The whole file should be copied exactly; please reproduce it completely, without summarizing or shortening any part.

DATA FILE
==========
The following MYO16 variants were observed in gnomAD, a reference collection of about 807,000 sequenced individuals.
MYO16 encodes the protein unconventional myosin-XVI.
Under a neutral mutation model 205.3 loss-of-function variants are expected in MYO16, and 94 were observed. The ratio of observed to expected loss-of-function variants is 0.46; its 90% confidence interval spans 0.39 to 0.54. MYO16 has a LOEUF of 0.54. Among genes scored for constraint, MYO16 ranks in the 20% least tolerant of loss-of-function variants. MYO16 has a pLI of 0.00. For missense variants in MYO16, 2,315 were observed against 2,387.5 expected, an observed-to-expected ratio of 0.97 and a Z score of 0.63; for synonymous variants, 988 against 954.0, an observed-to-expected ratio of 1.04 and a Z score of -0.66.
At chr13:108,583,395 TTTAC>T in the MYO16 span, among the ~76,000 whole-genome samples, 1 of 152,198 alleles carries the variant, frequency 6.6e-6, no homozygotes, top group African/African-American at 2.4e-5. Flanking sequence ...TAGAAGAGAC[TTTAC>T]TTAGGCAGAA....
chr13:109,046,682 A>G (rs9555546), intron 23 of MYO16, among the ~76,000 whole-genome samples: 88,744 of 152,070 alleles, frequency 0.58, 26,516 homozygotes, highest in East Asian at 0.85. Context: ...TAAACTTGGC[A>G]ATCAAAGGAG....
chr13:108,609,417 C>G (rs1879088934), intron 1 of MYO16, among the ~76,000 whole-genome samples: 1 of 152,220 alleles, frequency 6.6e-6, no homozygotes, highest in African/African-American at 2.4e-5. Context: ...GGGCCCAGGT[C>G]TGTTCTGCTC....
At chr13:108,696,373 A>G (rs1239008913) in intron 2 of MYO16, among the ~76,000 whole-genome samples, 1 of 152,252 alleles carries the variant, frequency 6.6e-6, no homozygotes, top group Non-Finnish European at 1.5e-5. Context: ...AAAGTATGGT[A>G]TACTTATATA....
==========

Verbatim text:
The following MYO16 variants were observed in gnomAD, a reference collection of about 807,000 sequenced individuals.
MYO16 encodes the protein unconventional myosin-XVI.
Under a neutral mutation model 205.3 loss-of-function variants are expected in MYO16, and 94 were observed. The ratio of observed to expected loss-of-function variants is 0.46; its 90% confidence interval spans 0.39 to 0.54. MYO16 has a LOEUF of 0.54. Among genes scored for constraint, MYO16 ranks in the 20% least tolerant of loss-of-function variants. MYO16 has a pLI of 0.00. For missense variants in MYO16, 2,315 were observed against 2,387.5 expected, an observed-to-expected ratio of 0.97 and a Z score of 0.63; for synonymous variants, 988 against 954.0, an observed-to-expected ratio of 1.04 and a Z score of -0.66.
At chr13:108,583,395 TTTAC>T in the MYO16 span, among the ~76,000 whole-genome samples, 1 of 152,198 alleles carries the variant, frequency 6.6e-6, no homozygotes, top group African/African-American at 2.4e-5. Flanking sequence ...TAGAAGAGAC[TTTAC>T]TTAGGCAGAA....
chr13:109,046,682 A>G (rs9555546), intron 23 of MYO16, among the ~76,000 whole-genome samples: 88,744 of 152,070 alleles, frequency 0.58, 26,516 homozygotes, highest in East Asian at 0.85. Context: ...TAAACTTGGC[A>G]ATCAAAGGAG....
chr13:108,609,417 C>G (rs1879088934), intron 1 of MYO16, among the ~76,000 whole-genome samples: 1 of 152,220 alleles, frequency 6.6e-6, no homozygotes, highest in African/African-American at 2.4e-5. Context: ...GGGCCCAGGT[C>G]TGTTCTGCTC....
At chr13:108,696,373 A>G (rs1239008913) in intron 2 of MYO16, among the ~76,000 whole-genome samples, 1 of 152,252 alleles carries the variant, frequency 6.6e-6, no homozygotes, top group Non-Finnish European at 1.5e-5. Context: ...AAAGTATGGT[A>G]TACTTATATA....